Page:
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Gun-Waving Teen, 14, Seen In Rap Video Arrested On Gun Charge Days Later

By Stephanie Lulay | June 29, 2017 8:58am
 24 MoneyGang shot a music video during a raucous gang party that brought 1,000 people to the Near West Side over Father's Day weekend.
24 MoneyGang shot a music video during a raucous gang party that brought 1,000 people to the Near West Side over Father's Day weekend.
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YouTube/Kyro Kush

NEAR WEST SIDE — One teen allegedly seen flashing a gun in a rap video filmed during a raucous Near West Side party is now facing a felony unlawful use of a weapon charge after Chicago police busted him with a gun days later. 

Chicago police arrested the 14-year-old boy on June 24 on the Near West Side, less than a week after the 24 MoneyGang video, filmed in the streets near Touhy-Herbert Park June 18-19, said Frank Giancamilli, a Chicago Police Department spokesman.

Police didn't identify the juvenile who was charged. 

On June 24, Near West (12th) Police District officers were called to the 2100 block of West Gladys Avenue on the Near West Side after receiving a report that a person had a gun in the area, police said. 

At about 5:49 p.m., officers observed a teen matching the description of the call enter into a vehicle, which cops subsequently pulled over. After the vehicle was curbed, the teen, a rear passenger in the car, attempted to conceal a gun behind him, according to a police report. The young man then tried to flee the scene, but was quickly detained, and a handgun with an extended magazine was recovered, police said. 

The 14-year-old was arrested and charged with one felony count of aggravated unlawful use of a weapon/possession of a loaded firearm in a vehicle and one felony count of possession of a defaced firearm.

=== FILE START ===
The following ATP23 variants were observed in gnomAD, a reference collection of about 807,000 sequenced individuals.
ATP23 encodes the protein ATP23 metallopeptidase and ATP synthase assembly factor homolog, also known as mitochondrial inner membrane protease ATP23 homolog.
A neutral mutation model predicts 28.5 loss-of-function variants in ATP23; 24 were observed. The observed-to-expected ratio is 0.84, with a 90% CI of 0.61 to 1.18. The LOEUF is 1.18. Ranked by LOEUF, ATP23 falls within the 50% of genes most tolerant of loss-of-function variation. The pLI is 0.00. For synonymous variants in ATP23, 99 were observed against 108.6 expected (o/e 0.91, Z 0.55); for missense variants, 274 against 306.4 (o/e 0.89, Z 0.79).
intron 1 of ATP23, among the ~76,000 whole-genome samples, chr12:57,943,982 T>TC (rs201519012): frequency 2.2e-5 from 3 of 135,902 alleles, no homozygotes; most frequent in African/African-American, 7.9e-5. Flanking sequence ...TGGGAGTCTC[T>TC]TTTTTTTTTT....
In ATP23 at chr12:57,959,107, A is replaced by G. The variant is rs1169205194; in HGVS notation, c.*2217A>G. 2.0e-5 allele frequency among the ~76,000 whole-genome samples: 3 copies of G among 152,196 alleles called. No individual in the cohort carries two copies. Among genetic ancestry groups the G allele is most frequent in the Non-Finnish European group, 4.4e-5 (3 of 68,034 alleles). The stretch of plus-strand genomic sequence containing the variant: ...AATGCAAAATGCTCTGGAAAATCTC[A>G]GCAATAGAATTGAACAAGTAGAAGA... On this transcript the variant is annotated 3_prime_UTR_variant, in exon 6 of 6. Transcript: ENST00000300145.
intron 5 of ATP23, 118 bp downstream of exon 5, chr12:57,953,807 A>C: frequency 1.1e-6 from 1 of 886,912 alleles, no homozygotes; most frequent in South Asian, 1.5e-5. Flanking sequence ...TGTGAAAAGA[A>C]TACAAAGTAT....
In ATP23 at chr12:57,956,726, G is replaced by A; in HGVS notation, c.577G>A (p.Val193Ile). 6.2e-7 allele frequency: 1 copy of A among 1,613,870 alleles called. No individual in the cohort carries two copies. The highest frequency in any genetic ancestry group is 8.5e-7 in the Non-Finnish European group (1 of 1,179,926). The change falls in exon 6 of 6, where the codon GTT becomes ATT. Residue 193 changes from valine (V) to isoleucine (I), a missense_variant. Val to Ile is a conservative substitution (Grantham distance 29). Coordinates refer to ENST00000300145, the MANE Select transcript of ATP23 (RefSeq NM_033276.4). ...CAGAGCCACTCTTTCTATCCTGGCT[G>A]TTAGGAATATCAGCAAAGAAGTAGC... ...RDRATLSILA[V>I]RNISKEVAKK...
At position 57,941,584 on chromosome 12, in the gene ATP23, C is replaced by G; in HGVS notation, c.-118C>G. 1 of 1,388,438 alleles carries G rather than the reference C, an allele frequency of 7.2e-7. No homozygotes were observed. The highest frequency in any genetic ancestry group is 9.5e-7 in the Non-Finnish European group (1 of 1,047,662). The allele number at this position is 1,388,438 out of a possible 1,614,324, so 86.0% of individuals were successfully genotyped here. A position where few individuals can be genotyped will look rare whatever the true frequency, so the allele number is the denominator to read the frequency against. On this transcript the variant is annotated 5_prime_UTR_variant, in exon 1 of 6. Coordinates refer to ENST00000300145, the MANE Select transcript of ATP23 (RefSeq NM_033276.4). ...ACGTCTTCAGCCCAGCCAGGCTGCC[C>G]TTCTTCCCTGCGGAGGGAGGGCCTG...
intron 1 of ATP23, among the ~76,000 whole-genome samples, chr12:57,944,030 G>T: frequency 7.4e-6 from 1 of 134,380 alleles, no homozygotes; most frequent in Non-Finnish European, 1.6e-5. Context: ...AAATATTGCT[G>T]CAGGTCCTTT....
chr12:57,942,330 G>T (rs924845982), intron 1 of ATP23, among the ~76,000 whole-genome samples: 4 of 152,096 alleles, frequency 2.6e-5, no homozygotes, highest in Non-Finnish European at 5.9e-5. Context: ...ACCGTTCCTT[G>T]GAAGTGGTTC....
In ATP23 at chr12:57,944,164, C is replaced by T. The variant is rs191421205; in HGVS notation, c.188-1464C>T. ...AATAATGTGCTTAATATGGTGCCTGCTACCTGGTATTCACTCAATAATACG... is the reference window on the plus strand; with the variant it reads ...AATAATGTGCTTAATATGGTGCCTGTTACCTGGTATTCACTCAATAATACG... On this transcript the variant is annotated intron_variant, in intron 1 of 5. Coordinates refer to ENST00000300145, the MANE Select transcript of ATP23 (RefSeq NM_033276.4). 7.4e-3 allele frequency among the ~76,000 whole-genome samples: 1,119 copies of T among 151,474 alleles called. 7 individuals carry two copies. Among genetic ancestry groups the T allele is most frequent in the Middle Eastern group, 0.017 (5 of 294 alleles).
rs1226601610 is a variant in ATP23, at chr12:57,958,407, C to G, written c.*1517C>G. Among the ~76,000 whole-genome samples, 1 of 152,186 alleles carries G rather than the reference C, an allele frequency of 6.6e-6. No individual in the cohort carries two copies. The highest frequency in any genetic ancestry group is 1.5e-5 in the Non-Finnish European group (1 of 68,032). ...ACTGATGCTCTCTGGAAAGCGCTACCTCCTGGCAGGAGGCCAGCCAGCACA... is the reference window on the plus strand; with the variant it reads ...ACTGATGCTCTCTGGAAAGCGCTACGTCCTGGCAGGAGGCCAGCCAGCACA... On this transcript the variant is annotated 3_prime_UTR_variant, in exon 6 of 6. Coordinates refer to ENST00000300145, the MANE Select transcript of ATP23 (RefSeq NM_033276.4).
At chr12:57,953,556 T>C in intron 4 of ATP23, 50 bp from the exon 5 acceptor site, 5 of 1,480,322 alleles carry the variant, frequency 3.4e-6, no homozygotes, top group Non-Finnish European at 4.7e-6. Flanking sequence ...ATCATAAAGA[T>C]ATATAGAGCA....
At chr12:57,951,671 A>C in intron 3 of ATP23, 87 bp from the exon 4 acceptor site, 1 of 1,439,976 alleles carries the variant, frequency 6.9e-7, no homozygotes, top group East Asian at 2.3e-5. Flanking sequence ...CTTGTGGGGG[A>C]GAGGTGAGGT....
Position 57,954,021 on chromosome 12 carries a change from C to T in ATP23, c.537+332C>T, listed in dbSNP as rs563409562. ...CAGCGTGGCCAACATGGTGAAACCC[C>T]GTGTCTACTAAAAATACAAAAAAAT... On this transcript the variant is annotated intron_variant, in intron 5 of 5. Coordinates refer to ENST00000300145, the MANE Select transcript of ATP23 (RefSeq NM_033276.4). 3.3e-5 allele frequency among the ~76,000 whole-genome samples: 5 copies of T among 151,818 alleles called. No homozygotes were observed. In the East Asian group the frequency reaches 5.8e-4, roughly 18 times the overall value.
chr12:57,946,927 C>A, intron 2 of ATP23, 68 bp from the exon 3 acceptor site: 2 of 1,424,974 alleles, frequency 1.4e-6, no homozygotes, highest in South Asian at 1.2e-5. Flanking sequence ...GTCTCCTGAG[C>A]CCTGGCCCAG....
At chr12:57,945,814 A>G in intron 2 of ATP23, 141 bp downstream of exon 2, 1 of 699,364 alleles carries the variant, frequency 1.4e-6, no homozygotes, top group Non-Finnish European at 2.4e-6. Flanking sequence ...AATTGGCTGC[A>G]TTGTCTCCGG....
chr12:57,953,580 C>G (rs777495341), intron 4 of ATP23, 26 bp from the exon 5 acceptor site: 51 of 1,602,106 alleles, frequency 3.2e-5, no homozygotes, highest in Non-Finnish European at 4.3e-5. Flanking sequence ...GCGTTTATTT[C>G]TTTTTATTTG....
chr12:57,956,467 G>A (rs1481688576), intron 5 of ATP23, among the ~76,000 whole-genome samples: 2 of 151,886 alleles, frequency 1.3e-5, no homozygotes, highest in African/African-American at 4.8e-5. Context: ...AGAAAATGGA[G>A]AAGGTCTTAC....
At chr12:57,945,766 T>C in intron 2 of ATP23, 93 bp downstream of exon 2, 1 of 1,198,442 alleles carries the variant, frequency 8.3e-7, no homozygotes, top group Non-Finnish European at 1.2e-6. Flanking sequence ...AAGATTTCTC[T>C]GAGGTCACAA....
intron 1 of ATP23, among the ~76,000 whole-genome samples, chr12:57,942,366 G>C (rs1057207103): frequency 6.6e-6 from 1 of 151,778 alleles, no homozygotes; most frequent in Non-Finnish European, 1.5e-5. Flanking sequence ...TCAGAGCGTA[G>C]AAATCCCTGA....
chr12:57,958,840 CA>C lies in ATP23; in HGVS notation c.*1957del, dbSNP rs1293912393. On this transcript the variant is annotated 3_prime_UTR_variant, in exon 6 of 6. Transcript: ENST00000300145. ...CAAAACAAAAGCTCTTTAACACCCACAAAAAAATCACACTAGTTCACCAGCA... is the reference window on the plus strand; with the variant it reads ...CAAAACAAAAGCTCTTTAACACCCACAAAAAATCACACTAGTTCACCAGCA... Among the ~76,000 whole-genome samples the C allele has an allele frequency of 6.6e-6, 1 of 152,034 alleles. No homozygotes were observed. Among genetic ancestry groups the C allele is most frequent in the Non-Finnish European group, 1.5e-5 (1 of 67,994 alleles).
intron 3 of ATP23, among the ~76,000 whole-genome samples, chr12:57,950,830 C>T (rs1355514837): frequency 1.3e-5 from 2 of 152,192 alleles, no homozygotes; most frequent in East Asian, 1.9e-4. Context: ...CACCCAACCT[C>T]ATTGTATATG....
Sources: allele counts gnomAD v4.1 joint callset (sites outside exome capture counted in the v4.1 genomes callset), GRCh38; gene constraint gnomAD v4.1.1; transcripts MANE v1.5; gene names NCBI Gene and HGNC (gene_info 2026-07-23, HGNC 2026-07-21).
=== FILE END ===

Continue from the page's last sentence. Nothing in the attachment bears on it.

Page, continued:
The handgun is believed to be the same firearm seen in a YouTube music video filmed in the streets near Touhy-Herbert Park June 18-19, police sources said. 

RELATED: A Music Video Was Shot In The Middle Of Last Week's 1,000-Person Gang Party

The video showed men and children flashing guns while others party and drink in the middle of residential streets as police idly sit by. Police continue to review the video, and more arrests could be coming. 

"Since it's on video, we're taking extra care to determine what types of firearms are in the footage," Giancamilli wrote in an email. 

In an interview with WGN, videographer Kyro Kush  — whose real name is Kyro McGowan — said the music videos he produces don't always feature real guns. 

"It's not always real guns in these videos. You can get prop guns," McGowan said. "When they got in contact with me, they told me that's what it was going to be. And I'm the cameraman. If I'm the cameraman and have a gun pointed at me, I need to know if it's real or not. Them guns wasn't real."

Police believe the arrested boy had a real gun in the video, Giancamilli said. 

The party over Father's Day weekend was so out of control, police struggled to shut it down, 27th Ward Ald. Walter Burnett Jr. said last week. The 25 Chicago police squad cars that eventually were sent to the scene weren't enough to break up the party of more than 1,000 people, he said. 

RELATED: 1,000-Person Gang Party Too Big For Police In 25 Squads To Stop, Ald. Says

The video, uploaded to YouTube June 22, shows the massive all-night party just two blocks west of the United Center on a street lined with homes. Along with the artist and song title, "Fathers Day Picnic" is included in the video's title — a reference to a permitted gathering earlier in the day that is an annual tradition in the park in the 2100 block of West Adams Street. 

In the nearly four-minute video, men are seen flashing handguns and semi-automatic weapons. Some scenes appear to show boys or teens pointing guns directly at the camera. Hundreds of people crowd in the streets among lines of cars, drinking, smoking and dancing as the blue lights of squad cars flash in the background. Other scenes show men drinking on the hood and through the sunroof of a car driving down the street.

The West Adams Street street sign and other neighborhood identifiers, including the gateway to the defunct Jelly Bean Garden, can be seen in the video's background. 

RELATED: Raucous, 200-Person Gang Parties Ruining Park — Can Parking Ban Stop Them?

RELATED: Loud Gangbangers Party All Night Long at Near West Side Park, Neighbors Say